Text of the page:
how much does bird insurance cost

When pet insurance was first introduced, it covered only dogs and cats. That was until recently, when exotic insurance rolled out – an umbrella term that, besides other animals, includes insurance for pet birds.

Birds are not too common in households across the country. But their numbers aren’t so insignificant to be underestimated and completely dismissed by insurance companies. In fact, there are about 6 million American families taking care of more than 20 million birds.

Pet insurance for avian (bird insurance) is quite rare and hard to find. That’s why we did the legwork for you and compiled an overview of all of the avian insurance options available to US residents.

How Much Do Pet Birds Cost?

The pricing of goods and services has always been determined by supply and demand. Both of these considerations apply to pet birds, but the price of the bird you’re interested in is greatly influenced by its rarity and extravagance.

Coincidentally or not, the size of a bird appears to affect its cost as well.

  • The price range for small birds is as follows: finches ($10–$100); parakeets (Budgies) ($10–$35); canaries ($25–$150); and parrotlets ($100–350).
  • The price range of medium birds is $20 to nearly $1000: Dove ($20-$100); Cockatiel ($50-$150); Conure ($150-$500); Pionus parrot ($200-$900); Lory ($400-$900).
  • The cost of these large birds can exceed $5,000: Macaw ($900–$5,000); Amazon parrot ($400–$3,000); African Grey ($600–$2,000); Cockatoo ($800–$5,000).

Be aware that the cost of your bird does not represent the total amount of your expenses. You would also need to budget for the cost of their food, supplies, habitat, and maintenance tools.

These would cost about $300-$1,200 in total.

Ultimately, there are the vet bills. It is inevitable that your beloved bird will become ill and need medical care. The cost of treating specific medical conditions will be covered in the section below.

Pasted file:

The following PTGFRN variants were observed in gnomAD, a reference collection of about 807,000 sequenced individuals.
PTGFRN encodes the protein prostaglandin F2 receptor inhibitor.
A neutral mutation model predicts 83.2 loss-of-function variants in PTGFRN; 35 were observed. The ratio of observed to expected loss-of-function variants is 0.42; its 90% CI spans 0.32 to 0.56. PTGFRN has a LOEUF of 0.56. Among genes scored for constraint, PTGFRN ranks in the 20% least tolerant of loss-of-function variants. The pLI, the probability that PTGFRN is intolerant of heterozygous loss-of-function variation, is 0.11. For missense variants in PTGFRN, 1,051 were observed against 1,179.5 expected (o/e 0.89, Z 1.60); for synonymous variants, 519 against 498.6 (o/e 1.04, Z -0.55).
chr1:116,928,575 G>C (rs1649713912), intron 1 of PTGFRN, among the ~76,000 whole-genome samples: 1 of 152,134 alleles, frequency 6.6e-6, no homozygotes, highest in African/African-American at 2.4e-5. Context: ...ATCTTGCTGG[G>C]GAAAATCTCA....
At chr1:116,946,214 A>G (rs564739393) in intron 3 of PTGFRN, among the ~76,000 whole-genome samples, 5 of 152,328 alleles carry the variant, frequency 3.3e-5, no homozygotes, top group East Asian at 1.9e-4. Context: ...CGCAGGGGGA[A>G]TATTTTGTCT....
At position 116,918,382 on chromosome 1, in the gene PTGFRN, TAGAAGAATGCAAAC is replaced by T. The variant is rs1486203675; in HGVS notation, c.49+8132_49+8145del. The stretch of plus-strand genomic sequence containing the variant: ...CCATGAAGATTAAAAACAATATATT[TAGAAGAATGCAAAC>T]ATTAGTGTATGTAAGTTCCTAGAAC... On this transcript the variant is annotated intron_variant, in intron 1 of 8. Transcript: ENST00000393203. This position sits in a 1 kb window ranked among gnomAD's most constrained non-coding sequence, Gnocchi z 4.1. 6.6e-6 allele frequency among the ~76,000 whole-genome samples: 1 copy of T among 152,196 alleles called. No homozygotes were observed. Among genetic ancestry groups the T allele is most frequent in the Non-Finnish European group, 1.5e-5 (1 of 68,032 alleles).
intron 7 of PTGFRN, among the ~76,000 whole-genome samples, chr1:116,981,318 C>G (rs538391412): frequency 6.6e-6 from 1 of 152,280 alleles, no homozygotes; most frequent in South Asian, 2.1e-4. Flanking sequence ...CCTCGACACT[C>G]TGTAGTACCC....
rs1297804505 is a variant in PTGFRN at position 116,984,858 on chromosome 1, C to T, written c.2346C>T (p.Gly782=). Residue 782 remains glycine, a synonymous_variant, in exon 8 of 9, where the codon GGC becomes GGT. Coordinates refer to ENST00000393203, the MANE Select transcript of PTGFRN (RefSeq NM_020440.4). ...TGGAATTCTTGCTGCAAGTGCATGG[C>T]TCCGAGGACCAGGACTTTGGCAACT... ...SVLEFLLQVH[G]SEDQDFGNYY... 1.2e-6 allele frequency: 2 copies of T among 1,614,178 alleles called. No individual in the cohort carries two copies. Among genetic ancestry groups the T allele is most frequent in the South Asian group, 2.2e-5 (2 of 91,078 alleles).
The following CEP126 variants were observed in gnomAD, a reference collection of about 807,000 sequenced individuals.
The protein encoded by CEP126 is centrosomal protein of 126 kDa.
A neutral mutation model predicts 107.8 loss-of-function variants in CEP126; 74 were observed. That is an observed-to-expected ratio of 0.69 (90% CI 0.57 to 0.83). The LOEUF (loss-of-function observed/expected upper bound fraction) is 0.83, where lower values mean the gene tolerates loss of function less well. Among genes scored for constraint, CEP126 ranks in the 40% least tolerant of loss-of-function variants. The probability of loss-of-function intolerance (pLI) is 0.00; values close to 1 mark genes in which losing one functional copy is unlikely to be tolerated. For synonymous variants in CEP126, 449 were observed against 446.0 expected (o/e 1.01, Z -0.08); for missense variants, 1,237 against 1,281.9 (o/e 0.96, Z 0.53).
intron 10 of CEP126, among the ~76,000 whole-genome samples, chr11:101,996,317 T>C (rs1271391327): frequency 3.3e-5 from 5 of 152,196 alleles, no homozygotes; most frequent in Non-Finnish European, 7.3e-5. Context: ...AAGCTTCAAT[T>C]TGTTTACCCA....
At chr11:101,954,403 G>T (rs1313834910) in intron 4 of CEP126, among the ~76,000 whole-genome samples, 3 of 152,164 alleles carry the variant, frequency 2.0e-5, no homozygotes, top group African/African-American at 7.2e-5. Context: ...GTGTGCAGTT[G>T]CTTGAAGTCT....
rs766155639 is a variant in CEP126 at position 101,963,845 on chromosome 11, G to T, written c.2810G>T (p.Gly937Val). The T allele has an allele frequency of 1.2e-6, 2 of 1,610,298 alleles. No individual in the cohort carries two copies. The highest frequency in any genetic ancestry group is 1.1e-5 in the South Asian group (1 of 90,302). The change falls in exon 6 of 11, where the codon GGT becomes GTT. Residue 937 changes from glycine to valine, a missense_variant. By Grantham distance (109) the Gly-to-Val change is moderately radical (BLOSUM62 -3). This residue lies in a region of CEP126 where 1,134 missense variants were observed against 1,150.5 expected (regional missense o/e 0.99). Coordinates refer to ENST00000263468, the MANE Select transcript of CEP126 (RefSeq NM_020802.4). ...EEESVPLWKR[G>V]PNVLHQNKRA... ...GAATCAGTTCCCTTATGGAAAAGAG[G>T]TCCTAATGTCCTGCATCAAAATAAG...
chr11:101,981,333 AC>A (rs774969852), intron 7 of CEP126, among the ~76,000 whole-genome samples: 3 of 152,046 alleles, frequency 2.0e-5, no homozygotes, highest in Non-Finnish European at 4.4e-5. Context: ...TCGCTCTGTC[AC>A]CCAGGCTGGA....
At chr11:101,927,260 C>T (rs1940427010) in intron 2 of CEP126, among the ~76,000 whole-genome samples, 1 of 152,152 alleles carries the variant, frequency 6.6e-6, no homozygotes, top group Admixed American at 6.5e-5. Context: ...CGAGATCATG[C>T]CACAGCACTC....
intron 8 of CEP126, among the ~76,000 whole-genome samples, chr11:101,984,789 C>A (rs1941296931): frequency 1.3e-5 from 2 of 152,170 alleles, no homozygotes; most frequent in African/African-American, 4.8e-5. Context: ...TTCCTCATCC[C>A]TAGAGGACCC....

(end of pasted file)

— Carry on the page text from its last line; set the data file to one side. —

how much does bird insurance cost

The best and only insurance for birds

Although we understand that you want the best for your bird, the whole cost of medical care is high. For this reason, we provide bird insurance policies that are similar to those we provide for dog and cat insurance.

Do I Really Need Bird Insurance?

A feathered companion is always worth being properly looked after. Our worldly belongings are certainly worthy of our devoted protection if we are prepared to pay so much for insurance coverage.

They may not always have our needs or the needs of those close to us in mind, but that doesn’t mean they don’t exist. And eventually they’ll demonstrate their need for us, so why not be ready rather than having to scrabble up a big vet bill at the last minute?

After all, among the options available for other kinds of animals, bird pet insurance plans are among the least expensive.

Just as we would give ourselves a gift of medical insurance, canaries, cockatiels, and cockatoos also deserve one. Particularly when the majority of their options are inexpensive

See what types of avian insurance you can get by looking above, and customize your plan so your birds can tweet contentedly all the time.

Finally, if you classify creatures other than cats and dogs as “pets,” visit our article on exotic pet insurance.


Is pet insurance worth it for a bird?

It’s a good idea to enroll your bird in a pet insurance plan as early as possible, before chronic conditions develop, or they need any medical treatment that could put limitations on your coverage.

Is pet insurance very expensive?

According to our research, pet insurance costs $768 a year for dogs and $324 a year for cats, with an overall average monthly cost landing at $49 per month.

Who insures parrots?

ExoticDirect offers pet insurance for birds such as Bird of Prey Insurance and Small Bird Insurance. If Parrot insurance isn’t what you’re after, feel free to browse our other pages.

Is it hard to take care of a bird?

Raising a bird is a big commitment Birds aren’t the sort of pets that can just be stuck in a cage and forgotten about, and caring for your feathered friend requires a whole lot of hard work. Birds need lots of daily socialization for their mental wellbeing — some birds need multiple hours of human interaction a day.